Monday, March 1, 2010
There’s absolutely nothing about “Yi Yi” that’s special or unique. It is a blandly simple story of commonplace people, living out their lives of quiet desperation in everyday settings. And yet it is a film you will never forget.
This anti-“Avatar” of a film eschews the spectacular in favor of the hum-drum zeitgeist of the generic; artificially-flavored vanilla instead of Death by Chocolate. And yet we are absorbed, indeed, overcome by its elegance and accuracy. Here we meet a perfectly commonplace family, and through the course of the three-hour film, become intimately involved in their hopes, dreams and deepest, darkest anxieties and, by the end, our souls feel utterly spent and wrung-out.
As an audience, we identify completely with every character’s thought, whim and gesture. We almost seem to know every line of dialogue before it’s even spoken. Every apartment, restaurant, hotel or office building depicted in this film seems like a place we have been before; either in our waking lives or someplace we’ve experienced in the faint shadows of our dreams.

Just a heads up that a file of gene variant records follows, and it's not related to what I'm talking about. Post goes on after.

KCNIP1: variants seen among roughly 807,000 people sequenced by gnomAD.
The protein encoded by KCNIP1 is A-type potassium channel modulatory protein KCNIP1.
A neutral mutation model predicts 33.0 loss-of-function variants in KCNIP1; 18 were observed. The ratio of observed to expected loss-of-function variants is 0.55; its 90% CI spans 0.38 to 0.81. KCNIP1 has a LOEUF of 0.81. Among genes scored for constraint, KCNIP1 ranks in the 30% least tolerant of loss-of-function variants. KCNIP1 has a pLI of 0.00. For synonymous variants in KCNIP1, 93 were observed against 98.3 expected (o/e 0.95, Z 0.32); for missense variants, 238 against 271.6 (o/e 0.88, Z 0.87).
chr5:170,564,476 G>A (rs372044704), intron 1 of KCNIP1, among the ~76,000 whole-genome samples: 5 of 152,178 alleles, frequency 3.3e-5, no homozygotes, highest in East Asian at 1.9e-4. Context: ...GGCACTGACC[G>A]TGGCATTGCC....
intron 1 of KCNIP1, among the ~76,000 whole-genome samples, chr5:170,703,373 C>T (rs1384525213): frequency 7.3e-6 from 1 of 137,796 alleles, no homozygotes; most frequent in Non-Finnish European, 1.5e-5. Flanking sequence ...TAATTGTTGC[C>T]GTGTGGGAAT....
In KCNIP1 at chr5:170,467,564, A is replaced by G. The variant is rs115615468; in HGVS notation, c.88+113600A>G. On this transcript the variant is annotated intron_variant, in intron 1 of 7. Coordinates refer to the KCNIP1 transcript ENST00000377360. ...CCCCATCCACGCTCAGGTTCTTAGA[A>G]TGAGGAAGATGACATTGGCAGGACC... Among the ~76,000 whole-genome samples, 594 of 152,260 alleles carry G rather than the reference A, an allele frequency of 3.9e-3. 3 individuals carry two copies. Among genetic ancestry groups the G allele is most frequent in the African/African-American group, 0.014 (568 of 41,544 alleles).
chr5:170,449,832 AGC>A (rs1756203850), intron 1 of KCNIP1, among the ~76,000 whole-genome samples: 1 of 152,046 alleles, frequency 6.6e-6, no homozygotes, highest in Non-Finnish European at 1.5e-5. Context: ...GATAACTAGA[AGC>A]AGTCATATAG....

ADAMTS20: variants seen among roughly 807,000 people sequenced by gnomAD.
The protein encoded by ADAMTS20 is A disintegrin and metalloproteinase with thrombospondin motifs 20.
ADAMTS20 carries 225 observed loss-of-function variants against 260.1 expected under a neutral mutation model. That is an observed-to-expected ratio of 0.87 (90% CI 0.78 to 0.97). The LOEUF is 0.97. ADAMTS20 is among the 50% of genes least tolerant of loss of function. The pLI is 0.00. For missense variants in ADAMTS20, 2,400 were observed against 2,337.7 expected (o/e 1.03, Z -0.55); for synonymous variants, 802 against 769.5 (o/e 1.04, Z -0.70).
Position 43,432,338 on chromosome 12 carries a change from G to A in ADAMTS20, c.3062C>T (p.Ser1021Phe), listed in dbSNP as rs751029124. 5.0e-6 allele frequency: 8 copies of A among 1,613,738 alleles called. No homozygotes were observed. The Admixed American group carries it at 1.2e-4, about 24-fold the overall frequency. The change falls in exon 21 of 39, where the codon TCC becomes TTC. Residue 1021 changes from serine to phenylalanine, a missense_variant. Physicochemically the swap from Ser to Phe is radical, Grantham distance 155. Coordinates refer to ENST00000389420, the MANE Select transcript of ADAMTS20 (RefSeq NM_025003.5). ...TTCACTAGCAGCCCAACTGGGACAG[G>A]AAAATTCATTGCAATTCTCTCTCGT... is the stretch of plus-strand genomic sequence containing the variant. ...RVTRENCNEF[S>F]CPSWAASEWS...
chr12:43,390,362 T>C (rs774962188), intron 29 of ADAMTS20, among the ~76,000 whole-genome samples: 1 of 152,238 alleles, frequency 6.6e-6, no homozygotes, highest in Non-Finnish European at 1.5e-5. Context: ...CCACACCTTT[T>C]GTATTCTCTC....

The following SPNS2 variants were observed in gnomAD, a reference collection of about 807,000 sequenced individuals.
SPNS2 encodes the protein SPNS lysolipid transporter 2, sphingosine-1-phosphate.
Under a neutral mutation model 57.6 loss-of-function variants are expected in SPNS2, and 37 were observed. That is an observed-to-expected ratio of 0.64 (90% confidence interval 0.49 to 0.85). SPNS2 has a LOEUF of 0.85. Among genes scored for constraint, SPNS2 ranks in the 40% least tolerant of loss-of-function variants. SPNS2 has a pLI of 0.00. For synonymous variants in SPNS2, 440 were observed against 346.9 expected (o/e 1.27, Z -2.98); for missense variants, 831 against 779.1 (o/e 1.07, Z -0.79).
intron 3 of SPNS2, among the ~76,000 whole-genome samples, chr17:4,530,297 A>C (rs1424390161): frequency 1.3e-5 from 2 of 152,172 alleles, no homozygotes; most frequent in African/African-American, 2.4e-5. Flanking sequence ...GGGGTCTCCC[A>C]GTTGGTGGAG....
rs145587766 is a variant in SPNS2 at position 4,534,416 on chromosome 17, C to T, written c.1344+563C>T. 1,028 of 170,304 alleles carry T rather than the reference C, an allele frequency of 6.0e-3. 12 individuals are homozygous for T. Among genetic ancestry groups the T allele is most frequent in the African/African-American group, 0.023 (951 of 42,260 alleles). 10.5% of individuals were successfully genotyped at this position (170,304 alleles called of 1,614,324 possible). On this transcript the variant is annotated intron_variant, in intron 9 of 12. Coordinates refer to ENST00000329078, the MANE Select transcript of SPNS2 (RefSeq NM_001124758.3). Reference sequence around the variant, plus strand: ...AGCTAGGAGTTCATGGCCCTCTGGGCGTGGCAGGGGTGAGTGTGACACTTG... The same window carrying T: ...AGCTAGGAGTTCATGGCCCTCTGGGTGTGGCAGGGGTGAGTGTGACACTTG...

We see a nurturing middle-class mom retreat into religious mysticism when crushing reality becomes too much for her to bear. We see a successful, level-headed executive’s failed attempt to recapture a lost romantic past. We see a sensitive, diligent teen-age girl forced to abandon her childhood when adults fail her, and we see an imaginative little boy of superior ability reach out to the world in the only way he can.
We feel as though we are inside the skin of all these characters. We are seeing our own lost hopes, squandered opportunities and petty, but nightmarish terrors . And yet we keep watching, aware that this outsized movie must end sometime, and yet wishing that it would go on forever and never, ever end.
This film is simply life itself, with all its ecstatic joys and bitter disappointments. Director Edward Yang robbed our souls, thoughts and aspirations and put them in a movie. Thank God.
The Sublime Thoughts of Bunched Undies